You might not know that the plugs sockets and power supply voltage in Greece are different to the United States of America, the United Kingdom and other foreign countries. Luckily you’ll probably only need an adapter plug to use any appliances you bring to Greece. However, you may need a power converter too.
Sockets and Plug Types in Greece
Greece uses the type F socket and type F and type C power plugs. The type F (with the top and bottom indentations) and C plugs both have round pins and can be used interchangeably with the C and F outlets.
(I think the type C plugs are what’s common in continental European countries if you’ve travelled to one. In France, I’ve used the socket type E. It also has round pins, similar to the others and the French type E plugs can be used in the Greek sockets too.)
Although the UK uses different plugs and sockets the electric voltage and frequency is the same as in Greece. North America and other countries use different voltages. That means you may need to use a voltage converter for electrical items you bring as well as a plug adapter.
Do I Need a Travel Adaptor Plug for Voltage in Greece?
Yes, you’ll need to use power plug adapters to make your device plugs suitable for the Greek wall socket if your items aren’t European.
I’d bring them with you but in Greece adapter plugs are easy to find at large airports and in some touristy shops. Your hotel room might also have some but ask before you arrive. Reception often has some for guest use but perhaps not enough for every room.
What Type of Adaptor Do I Need for Greek Plug Sockets?
You can either get adapters that convert one type of plug to another or you can get a universal adapter that is like a Swiss army knife for plugs! The single type just allows you to plug your US or UK (or whichever other country you’ve bought for) plug into it and then the two pins of the adapter go into the wall socket.
Two of these types of travel adapters are a good minimum. That way you can charge your mobile / cell phone and your iPad at the same time or charge your phone while using your straighteners.
Universal adapters allow you to create a plug that’s suitable for an electrical socket in 100+ countries. Make your electrical device fit the plug sockets anywhere from New Zealand to South America to Hong Kong!
Not only is the universal power adapter great for world travellers who need a different type of adapter for their next trip, but they also work like a power strip allowing you to plug in several items at once.
I sometimes find the plugs a bit flimsy or collapsable and not as sturdy as the single type. You also need to keep an eye on how much power you’re adding with the various things plugged in so it’s safe for the supply voltage.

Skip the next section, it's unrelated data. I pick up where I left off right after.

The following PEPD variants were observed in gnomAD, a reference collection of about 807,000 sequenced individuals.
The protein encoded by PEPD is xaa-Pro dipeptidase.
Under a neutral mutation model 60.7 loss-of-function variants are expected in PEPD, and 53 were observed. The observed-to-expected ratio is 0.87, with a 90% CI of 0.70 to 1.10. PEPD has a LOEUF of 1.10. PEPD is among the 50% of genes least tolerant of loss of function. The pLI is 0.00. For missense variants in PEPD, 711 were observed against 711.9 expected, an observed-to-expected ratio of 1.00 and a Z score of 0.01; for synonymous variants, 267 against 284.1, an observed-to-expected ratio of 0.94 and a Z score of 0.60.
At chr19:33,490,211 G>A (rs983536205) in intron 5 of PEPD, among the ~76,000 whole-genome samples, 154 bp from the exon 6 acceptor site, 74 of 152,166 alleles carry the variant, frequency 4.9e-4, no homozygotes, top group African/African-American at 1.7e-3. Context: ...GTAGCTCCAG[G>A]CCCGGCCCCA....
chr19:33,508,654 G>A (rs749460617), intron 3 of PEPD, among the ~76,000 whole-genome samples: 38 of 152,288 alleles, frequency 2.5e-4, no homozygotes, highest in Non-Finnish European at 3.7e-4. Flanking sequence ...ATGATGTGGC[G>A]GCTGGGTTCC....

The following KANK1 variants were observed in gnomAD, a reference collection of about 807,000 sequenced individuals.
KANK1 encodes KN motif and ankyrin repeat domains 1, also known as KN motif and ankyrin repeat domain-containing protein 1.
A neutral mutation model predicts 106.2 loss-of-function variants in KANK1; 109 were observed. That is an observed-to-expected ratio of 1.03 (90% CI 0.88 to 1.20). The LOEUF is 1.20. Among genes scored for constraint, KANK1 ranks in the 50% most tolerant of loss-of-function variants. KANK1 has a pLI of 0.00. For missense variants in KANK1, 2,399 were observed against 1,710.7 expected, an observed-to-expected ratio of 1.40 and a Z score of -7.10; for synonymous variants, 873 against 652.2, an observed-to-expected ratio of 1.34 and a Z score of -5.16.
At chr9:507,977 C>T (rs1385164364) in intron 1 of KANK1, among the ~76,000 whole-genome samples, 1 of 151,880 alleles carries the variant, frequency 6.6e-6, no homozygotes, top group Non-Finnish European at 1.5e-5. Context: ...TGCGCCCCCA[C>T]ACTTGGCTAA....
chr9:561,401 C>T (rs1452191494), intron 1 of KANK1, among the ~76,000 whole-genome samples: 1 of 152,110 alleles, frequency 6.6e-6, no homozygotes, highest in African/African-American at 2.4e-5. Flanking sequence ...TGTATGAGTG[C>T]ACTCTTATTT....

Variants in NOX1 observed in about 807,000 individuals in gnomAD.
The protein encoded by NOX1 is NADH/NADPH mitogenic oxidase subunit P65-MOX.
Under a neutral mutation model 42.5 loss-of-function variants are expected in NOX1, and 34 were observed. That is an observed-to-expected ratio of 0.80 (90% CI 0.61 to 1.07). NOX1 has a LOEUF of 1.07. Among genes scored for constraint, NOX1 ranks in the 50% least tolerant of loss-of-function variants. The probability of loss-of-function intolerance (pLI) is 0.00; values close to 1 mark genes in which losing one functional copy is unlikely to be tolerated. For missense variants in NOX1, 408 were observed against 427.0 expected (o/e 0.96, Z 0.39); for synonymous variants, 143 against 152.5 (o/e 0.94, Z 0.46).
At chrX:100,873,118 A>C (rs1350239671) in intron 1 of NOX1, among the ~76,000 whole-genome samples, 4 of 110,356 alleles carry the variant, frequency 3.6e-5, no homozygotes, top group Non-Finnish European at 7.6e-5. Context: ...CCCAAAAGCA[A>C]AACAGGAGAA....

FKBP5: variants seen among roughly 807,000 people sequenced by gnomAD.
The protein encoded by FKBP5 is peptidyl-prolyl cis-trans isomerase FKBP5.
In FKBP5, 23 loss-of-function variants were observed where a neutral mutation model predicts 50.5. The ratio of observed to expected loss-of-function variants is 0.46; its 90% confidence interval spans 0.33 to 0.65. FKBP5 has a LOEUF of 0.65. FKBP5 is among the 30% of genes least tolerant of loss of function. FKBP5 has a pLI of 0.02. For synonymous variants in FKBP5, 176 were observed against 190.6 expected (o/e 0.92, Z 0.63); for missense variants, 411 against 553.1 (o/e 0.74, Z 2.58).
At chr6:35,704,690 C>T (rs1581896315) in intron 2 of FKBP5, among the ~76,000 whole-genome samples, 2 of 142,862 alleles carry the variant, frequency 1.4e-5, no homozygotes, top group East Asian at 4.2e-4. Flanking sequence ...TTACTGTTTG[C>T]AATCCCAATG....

You can get ones now that have USB ports so multiple battery chargers can plug in at once. Great if you’re travelling as a group or family and don’t want to take a million adapters. These are great in theory and check them out for yourself.
Do I Need a Power Converter for Greece?
Like the UK the standard voltage in Greece is 230 V and the frequency is 50Hz. So you don’t need a converter for items from the UK, just a plug adapter for the Greek power outlet.
Travellers from North America where there is a lower voltage of usually 120 V and a frequency of 60 Hz, or any other countries where the voltage is different to the above might need a converter.
However, before you run out to buy anything check the electricity information on your appliance or electronic device. Many American appliances are set up to work within a voltage and frequency range rather than on a single voltage.
Laptop chargers, hair dryers, curling iron and other common items might already be safe to use in the Greek power sockets.
Have a look at the labels on the things you want to take. If they have 100-240V, 50/60 Hz Input on them then you’re covered for the correct voltage in Greece. If not, you’ll need an adapter as well as the type F plug adapter.
Be Safe Around Electricity and Voltage in Greece
I’m not an expert but I recommend you don’t use anything that’s not the right voltage. Even for a short time at your own risk. It’s not worth it so make sure you always have a safe connection.
One last tip I’d give is to always disconnect from your device before unplugging at the wall. Without wishing to be disrespectful, the electrics in Greece aren’t always the best I’ve ever seen. If the plug’s going to burn out it’s better if it’s not connected to your laptop or phone when it does.
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